Ibadan (Àdúgbò Mókólá)

UI Campus

My Bed

My Desk in my room

My house (Bottom Floor, Front View)

My House (Bottom Floor, Back View)

Kids Playing Soccer Behind my House

Dining Area/Family Room

Kitchen (Ilé ìdànná)

My mom and I frying plantains (A n dín dòdò)

Sweet Beans and Fried Plantains

Host Parents at Dinner

My older host sister

My Younger Host Brother (Azeez Adéwólé)

Semofita (yam-like thing made of corn flour), Obe ewédú (leafy green stew), obè àtà (tomato pepper stew), ejà gbígbé (dried fish)


15 Sep

I have finally arrived safe and sound in Nigeria. I left my home-Neenah, Wisconsin 10 days a go. Me and the 3 other students from UW-Madison spent 3 days in Washington DC for an orientation. Last Wednesday, we began our extremely long journey to Nigeria. When we finally arrived, Keegan and I calculated that we had been awake for 50 out of the last 55 hours.

We finally arrived in Lagos, Nigeria nearly 30 hours after we left our hotel in Washington DC. My first experience with a bribe occurred no less than 3 minutes after we got off the airplane.  There were 3 women in uniform checking CDC immunization cards (which everyone must have with their passport) before they let you go through customs.  They were speaking Yoruba so we all spoke Yoruba in return.  The woman would not let me pass and inquired about the gum I was chewing.  I asked if she wanted a piece in Yoruba and she said yes.  I hadn’t even taken the pack completely out of my pocket when she snatched it away and all the other uniformed ladies started laughing.  I ran past them quickly and got the hell out of there before she mentioned anything about my ipod or camera.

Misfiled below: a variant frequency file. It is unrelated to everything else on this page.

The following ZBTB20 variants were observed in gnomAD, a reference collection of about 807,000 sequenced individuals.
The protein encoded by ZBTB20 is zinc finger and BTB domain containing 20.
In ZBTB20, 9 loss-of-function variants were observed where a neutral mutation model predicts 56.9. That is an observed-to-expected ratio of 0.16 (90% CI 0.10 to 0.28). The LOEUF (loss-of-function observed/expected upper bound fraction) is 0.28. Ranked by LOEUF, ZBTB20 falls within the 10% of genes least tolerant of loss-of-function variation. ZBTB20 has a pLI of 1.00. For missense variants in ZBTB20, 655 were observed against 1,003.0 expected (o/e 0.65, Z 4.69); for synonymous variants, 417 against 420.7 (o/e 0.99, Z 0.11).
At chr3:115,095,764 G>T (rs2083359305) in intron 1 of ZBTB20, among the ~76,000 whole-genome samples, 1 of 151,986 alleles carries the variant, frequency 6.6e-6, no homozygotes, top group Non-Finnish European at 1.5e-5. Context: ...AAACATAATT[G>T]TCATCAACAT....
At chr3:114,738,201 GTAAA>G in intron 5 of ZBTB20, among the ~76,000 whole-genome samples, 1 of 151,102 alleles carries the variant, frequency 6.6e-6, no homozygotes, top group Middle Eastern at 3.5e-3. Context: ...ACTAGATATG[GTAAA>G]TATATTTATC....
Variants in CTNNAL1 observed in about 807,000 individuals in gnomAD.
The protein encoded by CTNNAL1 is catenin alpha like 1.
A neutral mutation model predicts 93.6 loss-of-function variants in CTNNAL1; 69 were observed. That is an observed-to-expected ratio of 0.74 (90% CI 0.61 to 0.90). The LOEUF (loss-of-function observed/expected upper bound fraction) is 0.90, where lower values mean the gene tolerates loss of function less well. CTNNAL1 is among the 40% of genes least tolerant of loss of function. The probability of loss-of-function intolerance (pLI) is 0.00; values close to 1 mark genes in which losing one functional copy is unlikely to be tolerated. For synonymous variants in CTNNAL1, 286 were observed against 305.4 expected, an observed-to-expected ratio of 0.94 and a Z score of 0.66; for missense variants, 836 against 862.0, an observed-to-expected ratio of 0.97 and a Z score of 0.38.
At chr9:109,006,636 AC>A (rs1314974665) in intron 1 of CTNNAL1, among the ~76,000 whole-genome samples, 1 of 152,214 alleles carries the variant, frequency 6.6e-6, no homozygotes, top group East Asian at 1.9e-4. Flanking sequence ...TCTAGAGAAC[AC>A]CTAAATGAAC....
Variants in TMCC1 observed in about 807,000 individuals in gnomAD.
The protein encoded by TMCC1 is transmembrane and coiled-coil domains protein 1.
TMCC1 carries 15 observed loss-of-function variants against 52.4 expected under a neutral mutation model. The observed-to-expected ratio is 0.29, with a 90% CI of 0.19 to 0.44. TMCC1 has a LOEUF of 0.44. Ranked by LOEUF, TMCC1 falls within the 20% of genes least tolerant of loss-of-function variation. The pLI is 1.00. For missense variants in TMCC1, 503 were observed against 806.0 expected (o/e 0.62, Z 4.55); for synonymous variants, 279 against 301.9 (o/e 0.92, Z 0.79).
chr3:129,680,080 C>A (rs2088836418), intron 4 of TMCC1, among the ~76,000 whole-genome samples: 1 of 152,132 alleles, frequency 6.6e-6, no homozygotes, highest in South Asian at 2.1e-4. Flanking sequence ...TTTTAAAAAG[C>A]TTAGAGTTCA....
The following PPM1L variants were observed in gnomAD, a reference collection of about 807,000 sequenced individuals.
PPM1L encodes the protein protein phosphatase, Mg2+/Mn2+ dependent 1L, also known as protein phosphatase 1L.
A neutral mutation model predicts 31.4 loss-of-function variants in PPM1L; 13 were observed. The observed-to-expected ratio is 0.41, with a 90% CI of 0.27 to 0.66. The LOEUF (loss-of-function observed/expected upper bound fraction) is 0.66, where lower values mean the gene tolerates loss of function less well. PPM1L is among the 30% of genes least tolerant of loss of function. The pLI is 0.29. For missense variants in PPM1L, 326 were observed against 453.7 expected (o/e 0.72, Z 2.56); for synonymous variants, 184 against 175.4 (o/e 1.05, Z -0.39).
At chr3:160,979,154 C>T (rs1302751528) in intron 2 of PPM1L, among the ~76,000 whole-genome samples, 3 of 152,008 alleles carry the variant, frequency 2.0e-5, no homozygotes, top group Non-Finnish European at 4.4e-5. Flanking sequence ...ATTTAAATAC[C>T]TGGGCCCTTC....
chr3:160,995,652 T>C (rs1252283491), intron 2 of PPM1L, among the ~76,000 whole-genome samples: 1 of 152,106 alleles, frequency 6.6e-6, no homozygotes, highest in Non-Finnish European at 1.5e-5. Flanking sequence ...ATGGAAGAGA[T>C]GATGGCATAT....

The baggage claim area at Murtala Mohammad Airport only has 2 conveyor belts, and of course one was broken.  There were 4 flights ahead of ours in que on the one working belt.  There were people EVERY where. The complete body-to-body gridlock reminded me of a mosh pit at a rock concert.  After about 20 minutes, the working conveyor belt completely stopped.  After the crowed stopped yelling and singing, there was about a 30 minute delay before anyone did anything.  Finally, Moses (our resident director from Nigeria who traveled with us from DC) took it upon himself to climb up on the conveyor belt and walk down it to get across without having to push through all the people.  Within seconds, about 30 more people followed suit. At this point, I was already thinking, “there’s no way this would ever happen in America.”  He was talking to some airport employees who were trying to crawl down the conveyor belt hole our luggage was coming from to carry it up the belt manually. This process was not without delays and setback of its own. As we were waiting, I talked to many people who were on our flight in Yoruba. One Yoruba man, who had been very friendly to us since we met him at the gate in Frankfurt, told me something that has really stuck with me. “Kayode, in times like this you must remember that even though Nigeria may appear shabby, America may seem more efficient, or things in western countries may seem ‘better,’ that is not necessarily so. We just have a different way of doing things and it works for us.” I first pondered this as I was watching airport employees and civilians crawling down the luggage conveyor belt hole with a crowd of about 50 impatient sleep-deprived Nigerians swarming them, leaving no space to breathe. I decided this was a point I would need to ponder, but I would consider it. This jerry-rigged process took about an hour and a half.  Finally, 2.5 hours after our arrival, we could leave the airport after we had gotten our luggage at last. I continued to think about what the man had told me, and I realized there was mechanic or technology available in the area that could have been of help in a timely fashion. Given the situation, the immediate ‘teamwork’ exhibited by the tired Nigerians showed me that it was just a different way of doing things. We still got our luggage in the end.